Soccer and politics: a recap of the 2023 FIFA World Cup thus far


@fifaworldcup on Instagram

Lydia Lutchman, Staff Writer

The FIFA 2022 World Cup is currently taking place in the Arabian Peninsula country of Qatar and is the 22nd men’s international football tournament to occur. It is also the second World Cup to take place in an Asian country, and the first one to take place in a country where the population is predominantly Muslim. The tournament started on Nov. 20 and ends on Dec. 18.

The World Cup is enjoyed by many and is seen as a way to kick back, relax and watch your favorite team and players go head-to-head for the iconic solid gold trophy. The prize is not the only expensive thing on the roster for the World Cup, as it was revealed that Qatar had spent over $220 billion fixing their airports and building venues, stadiums and roads over the past twelve years in preparation for the small Arab country to host the largest sporting event in the world. It is said to be the most expensive World Cup thus far. 

University Sophomore Vyaad Ramnarine is keeping up with this year’s World Cup. “I really like the upsets and unpredictability of this World Cup,” Ramnarine said. “There’s just something about this World Cup and the underdog teams standing out.” 

There have been iconic moments in these games so far, one of which being South Korea’s comeback on Dec. 2 by Hwang Hee-Chan and Son Heung-Min, when the two players managed to score a final goal and win in their game against Portugal, advancing them to the knockout stage. Heung-Min smoothly passed the ball to Hee-Chan who quickly kicked it into the goal, avoiding the opposing end completely. 

Another major highlight is Lionel Messi, who led the Argentinian team to victory against Australia on Dec. 3, allowing the country to advance into the quarterfinals. The game was initially tied 1-1, but Messi scored a goal, to the delight of fans across the globe, especially since Argentina lost their first game to Saudi Arabia, resulting in them losing their winning streak. Argentina is one of the fan-favorite teams, and many hope they win this year’s World Cup.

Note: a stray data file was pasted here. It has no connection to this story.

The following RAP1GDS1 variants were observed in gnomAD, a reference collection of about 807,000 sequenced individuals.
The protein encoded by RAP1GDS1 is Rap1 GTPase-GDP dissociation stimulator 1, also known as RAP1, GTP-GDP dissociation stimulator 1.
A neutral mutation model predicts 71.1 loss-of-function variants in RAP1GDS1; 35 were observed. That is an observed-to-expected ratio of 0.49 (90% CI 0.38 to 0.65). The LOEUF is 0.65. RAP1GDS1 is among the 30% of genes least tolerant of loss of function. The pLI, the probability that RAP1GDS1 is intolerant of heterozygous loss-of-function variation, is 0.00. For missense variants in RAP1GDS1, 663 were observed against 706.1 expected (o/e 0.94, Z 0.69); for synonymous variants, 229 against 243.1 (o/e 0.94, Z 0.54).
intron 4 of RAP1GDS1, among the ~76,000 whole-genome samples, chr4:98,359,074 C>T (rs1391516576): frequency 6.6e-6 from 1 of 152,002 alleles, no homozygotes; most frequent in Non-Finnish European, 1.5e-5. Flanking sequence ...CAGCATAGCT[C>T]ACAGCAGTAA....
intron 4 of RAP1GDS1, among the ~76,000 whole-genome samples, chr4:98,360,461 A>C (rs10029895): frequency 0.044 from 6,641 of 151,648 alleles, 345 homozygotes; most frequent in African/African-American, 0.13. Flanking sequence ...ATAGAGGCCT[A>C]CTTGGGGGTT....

Despite all these celebrations, there have been many controversies surrounding this year’s World Cup, especially about its hosting country. Qatar has been largely criticized for its human rights violations, as it is estimated that hundreds of workers from various countries have died due to the inhumane working conditions and treatment they endured during infrastructure developments.

Another social issue surrounds the country’s view of the LGBTQ+ community since homosexuality is illegal in Qatar and punishable by jail time. The English, Dutch, Belgian, Danish, Swiss and Welsh teams had intended to wear OneLove rainbow armbands to stand in solidarity for the community but quickly pulled back once FIFA threatened to impose sporting sanctions on those who went through with the plan. Not all teams stayed completely silent though as Germany still managed to protest by having each team member cover their mouth with their hand during a group picture, saying that denying them the ability to wear the armbands “is the same as denying us a voice.”

Not all protests have been directed at Qatar or FIFA. Iran’s team stayed quiet during their national anthem during their Nov. 21 match with England because the team captain, Ehsan Hajsafi, announced that he supported the anti-government protests that are currently occurring in their home country. Hajsafi’s response was due in large part because of the death of Mahsa Amini, a young woman in police custody after being arrested for not wearing her hijab in a way that they deemed proper. The entire team went along with this and stood in solidarity with the people and women of Iran during this time of nationwide crisis. 

Iranian players also wore black jackets over their uniforms to cover Iran’s national emblem on Sept. 27, which many protestors applauded them for. Many who have protested publicly have been arrested or were forced to succumb to police brutality, which has resulted in dozens of deaths. Protestors are now being put on trial in the country, while judges have sentenced approximately six people to the death penalty.

Before the tournament, FIFA made a comment saying that every team should “focus on the football,” rather than what’s going on in the world, but it’s hard for fans and football players to turn a blind eye to the political mishap occurring in the country where the football resides. 

As the final approaches, Argentina, Croatia, France and Morocco are the four teams heading into the semifinals, all vying for the coveted title. Morocco is the first African team to advance to this stage in World Cup history, and no country has scored against them throughout the duration of the tournament.